The Mobile Broadband Evolution in Africa

By Jean-Philippe Gillet, Vice President, Europe, Middle East & Africa

As the mobile industry evolves from 2G to 3G, from 3G to 4G and then to 5G and beyond, the impact on a region’s commercial, socio-economic and educational opportunities cannot be underestimated. In fact, that transformation is crucial to enabling developing areas to grow and thrive. Nowhere is this more evident than in Africa, where 365 million mobile phone subscribers today are expected to grow to 508 million by 2020. However, even as the number of subscribers grows, the percent of mobile users on 4G in Africa is expected to grow just a fraction – from 1% today to 6% by 2020.

While the industry may dream about 5G networks, the reality is that Africa is still in a massive deployment of 2G. For instance, MTN added 520 new 2G sites in 2014. With such a large land area, much of the region is more remote – and the difference between urban and remote mobile deployments is vast. This is still very much a market in its infancy – which means great opportunity for the region, the mobile operators and even for Intelsat.

So what’s holding the region back from a more accelerated deployment of a faster and more robust mobile standard? It comes down to the equipment – the kits on the ground that receive the signals as well as the mobile phones, which are costly for the average citizen.  To compound the challenge, mobile operators must deploy not only 3G or 4G kits where there is no coverage today, but they must upgrade the equipment at existing base stations to 3G at some point, as well.

The key to unlocking this evolution in Africa is the revenue per subscriber. For instance, an Airtel customer today may spend in average $3.40 per month on their service, including some modest data service. However, that’s a difficult expense to justify in some areas, such as Mozambique, where the average annual income is $620.

In some areas, however, there is a growing middle class that can afford the data service, and those areas are likely to realize 3G and 4G deployments sooner rather than later. As an example, MTN Nigeria increased its data users by 18.1% in 2014, with data revenue growing by 28.8%. In fact, the middle class is evolving in most countries, which will create more opportunity for GSM operators to provide more services.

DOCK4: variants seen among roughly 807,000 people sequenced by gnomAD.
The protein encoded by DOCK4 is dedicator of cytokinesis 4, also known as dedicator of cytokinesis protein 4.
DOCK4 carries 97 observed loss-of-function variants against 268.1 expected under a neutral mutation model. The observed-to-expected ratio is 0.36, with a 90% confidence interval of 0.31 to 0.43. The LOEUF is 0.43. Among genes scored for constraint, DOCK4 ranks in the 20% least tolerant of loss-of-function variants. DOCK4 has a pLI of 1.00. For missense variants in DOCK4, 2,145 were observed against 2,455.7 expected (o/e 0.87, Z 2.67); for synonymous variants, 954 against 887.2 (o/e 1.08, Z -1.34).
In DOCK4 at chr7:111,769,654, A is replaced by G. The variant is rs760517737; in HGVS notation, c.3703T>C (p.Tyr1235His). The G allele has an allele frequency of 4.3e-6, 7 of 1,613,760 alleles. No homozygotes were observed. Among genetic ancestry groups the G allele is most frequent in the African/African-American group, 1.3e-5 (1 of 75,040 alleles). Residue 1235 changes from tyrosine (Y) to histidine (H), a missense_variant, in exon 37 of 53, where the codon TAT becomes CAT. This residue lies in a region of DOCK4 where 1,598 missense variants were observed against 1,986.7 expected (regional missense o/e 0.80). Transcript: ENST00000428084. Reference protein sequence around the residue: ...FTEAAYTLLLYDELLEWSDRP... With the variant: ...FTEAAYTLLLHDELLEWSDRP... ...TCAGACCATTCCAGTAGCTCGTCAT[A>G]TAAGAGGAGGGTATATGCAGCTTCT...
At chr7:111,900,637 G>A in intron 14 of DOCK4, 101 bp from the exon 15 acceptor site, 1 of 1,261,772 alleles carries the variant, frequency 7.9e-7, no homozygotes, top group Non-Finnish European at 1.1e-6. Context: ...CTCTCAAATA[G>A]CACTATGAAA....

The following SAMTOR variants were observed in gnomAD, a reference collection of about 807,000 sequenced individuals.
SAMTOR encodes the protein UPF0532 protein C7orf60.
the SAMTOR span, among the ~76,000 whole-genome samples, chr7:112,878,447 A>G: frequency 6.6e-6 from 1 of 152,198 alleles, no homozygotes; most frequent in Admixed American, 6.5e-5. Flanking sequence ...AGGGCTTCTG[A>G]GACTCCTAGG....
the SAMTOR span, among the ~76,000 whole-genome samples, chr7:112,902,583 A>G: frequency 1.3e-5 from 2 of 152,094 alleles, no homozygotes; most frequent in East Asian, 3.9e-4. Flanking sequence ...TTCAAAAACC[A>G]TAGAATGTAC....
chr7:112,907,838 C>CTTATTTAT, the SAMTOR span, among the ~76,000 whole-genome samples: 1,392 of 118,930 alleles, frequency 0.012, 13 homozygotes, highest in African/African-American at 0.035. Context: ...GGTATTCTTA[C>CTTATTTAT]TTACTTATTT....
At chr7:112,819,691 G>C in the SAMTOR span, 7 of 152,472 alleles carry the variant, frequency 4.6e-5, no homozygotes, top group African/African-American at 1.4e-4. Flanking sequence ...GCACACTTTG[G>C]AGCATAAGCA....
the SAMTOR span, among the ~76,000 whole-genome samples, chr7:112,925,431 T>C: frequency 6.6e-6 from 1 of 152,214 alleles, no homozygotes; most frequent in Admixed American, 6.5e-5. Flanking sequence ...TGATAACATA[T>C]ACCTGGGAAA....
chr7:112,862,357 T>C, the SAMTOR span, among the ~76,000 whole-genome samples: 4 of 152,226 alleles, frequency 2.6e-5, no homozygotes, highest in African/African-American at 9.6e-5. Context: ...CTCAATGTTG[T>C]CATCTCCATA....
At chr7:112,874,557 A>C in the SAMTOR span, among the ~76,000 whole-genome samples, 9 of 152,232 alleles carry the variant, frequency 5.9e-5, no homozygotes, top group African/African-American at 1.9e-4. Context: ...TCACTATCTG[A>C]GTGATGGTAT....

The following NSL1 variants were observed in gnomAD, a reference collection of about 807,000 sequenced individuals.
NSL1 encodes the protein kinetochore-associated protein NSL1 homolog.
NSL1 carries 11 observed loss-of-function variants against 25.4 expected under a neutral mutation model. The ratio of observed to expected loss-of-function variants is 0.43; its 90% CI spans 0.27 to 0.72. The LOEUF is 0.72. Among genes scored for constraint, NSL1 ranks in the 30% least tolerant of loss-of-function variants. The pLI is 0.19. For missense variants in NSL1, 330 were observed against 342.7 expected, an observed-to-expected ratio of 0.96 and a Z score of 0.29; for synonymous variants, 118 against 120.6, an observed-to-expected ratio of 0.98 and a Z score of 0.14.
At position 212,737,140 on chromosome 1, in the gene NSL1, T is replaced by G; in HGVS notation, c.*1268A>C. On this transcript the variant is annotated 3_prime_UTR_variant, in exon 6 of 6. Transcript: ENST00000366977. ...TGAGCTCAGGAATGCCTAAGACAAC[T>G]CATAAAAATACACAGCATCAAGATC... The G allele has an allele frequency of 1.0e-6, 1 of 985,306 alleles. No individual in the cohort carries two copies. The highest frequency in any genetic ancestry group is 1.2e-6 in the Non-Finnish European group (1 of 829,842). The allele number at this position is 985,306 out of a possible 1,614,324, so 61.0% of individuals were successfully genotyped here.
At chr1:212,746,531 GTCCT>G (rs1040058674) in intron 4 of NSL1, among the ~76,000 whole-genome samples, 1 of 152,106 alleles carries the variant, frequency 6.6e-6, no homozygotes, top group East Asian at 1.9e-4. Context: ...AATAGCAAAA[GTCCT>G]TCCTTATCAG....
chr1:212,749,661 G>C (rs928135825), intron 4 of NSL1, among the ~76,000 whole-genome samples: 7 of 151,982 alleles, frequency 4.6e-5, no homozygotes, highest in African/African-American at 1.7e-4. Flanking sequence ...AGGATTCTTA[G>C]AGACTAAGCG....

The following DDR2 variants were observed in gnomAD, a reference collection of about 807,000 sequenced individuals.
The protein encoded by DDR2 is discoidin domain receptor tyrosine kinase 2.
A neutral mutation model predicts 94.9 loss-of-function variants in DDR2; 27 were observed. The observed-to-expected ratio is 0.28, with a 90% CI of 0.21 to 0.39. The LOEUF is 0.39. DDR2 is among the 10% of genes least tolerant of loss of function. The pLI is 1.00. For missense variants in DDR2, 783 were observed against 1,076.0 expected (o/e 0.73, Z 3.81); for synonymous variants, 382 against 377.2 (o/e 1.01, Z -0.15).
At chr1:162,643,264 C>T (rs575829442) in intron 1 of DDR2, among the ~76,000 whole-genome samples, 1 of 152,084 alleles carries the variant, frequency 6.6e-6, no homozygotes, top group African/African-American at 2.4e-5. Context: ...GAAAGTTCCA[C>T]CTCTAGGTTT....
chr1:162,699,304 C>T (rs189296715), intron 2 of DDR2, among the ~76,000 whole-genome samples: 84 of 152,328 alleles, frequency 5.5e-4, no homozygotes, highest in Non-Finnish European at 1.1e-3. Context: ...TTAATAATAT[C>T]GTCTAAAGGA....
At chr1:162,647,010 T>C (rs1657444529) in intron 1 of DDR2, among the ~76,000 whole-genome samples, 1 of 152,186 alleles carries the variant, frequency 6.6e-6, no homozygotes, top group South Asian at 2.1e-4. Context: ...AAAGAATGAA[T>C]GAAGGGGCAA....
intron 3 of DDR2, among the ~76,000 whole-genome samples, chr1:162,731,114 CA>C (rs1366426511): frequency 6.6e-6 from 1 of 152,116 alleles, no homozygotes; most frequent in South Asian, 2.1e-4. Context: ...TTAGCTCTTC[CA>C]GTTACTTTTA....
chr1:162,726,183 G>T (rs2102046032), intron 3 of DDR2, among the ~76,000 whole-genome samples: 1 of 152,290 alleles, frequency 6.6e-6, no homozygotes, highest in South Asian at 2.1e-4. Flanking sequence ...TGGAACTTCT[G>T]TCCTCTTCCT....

For Intelsat, there is an imperative to deploy mobile networks into the most remote areas – perhaps more so than in evolving the urban networks to the next generation. This is because a villager in the DRC may need to walk 48 hours distance just to see a doctor. Yet with a mobile phone, they can talk to a doctor or nurse within minutes rather than days. Without connectivity, villagers are easy victims, unable to call for help in times of need.  A 3G network – not even going to 4G or 5G – can mean dramatic advances in education, health, agriculture and government services, bringing access to villages that was previously only available in the more connected capital city or regional capital.

Intelsat is enabling this mobile network evolution throughout Africa, serving 50 mobile operators, including ten of the largest on the continent, and providing connectivity to 81% of all wireless subscribers in the region. We are poised to support the continuing deployment of 3G-5G kits, as well, especially with the design of our Intelsat EpicNG high throughput satellites, the second of which, Intelsat 33e, is due to launch in 2016. With the Intelsat EpicNG spot beam technology, the size of the necessary kits is diminishing, making them easier to carry and install. What’s more, we are innovating solar-powered solutions to accommodate the unpredictable power supply in rural – and even urban – areas in Africa.

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